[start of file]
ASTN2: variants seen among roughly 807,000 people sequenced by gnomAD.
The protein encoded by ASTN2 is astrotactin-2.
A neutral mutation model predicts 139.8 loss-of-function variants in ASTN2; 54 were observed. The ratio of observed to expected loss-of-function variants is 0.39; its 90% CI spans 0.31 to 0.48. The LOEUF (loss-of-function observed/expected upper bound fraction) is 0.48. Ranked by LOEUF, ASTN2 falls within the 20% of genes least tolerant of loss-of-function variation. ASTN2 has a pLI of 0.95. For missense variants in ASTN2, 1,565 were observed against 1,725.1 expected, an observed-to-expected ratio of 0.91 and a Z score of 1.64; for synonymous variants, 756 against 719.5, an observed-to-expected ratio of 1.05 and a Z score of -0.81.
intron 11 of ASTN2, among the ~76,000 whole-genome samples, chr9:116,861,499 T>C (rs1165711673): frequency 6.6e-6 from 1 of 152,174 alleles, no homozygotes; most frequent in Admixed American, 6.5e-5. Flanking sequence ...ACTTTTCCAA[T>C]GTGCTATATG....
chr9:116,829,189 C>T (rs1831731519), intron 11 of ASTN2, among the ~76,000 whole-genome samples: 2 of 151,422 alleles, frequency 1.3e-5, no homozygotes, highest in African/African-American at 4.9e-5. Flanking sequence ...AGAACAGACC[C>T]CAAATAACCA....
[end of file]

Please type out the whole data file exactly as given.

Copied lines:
ASTN2: variants seen among roughly 807,000 people sequenced by gnomAD.
The protein encoded by ASTN2 is astrotactin-2.
A neutral mutation model predicts 139.8 loss-of-function variants in ASTN2; 54 were observed. The ratio of observed to expected loss-of-function variants is 0.39; its 90% CI spans 0.31 to 0.48. The LOEUF (loss-of-function observed/expected upper bound fraction) is 0.48. Ranked by LOEUF, ASTN2 falls within the 20% of genes least tolerant of loss-of-function variation. ASTN2 has a pLI of 0.95. For missense variants in ASTN2, 1,565 were observed against 1,725.1 expected, an observed-to-expected ratio of 0.91 and a Z score of 1.64; for synonymous variants, 756 against 719.5, an observed-to-expected ratio of 1.05 and a Z score of -0.81.
intron 11 of ASTN2, among the ~76,000 whole-genome samples, chr9:116,861,499 T>C (rs1165711673): frequency 6.6e-6 from 1 of 152,174 alleles, no homozygotes; most frequent in Admixed American, 6.5e-5. Flanking sequence ...ACTTTTCCAA[T>C]GTGCTATATG....
chr9:116,829,189 C>T (rs1831731519), intron 11 of ASTN2, among the ~76,000 whole-genome samples: 2 of 151,422 alleles, frequency 1.3e-5, no homozygotes, highest in African/African-American at 4.9e-5. Flanking sequence ...AGAACAGACC[C>T]CAAATAACCA....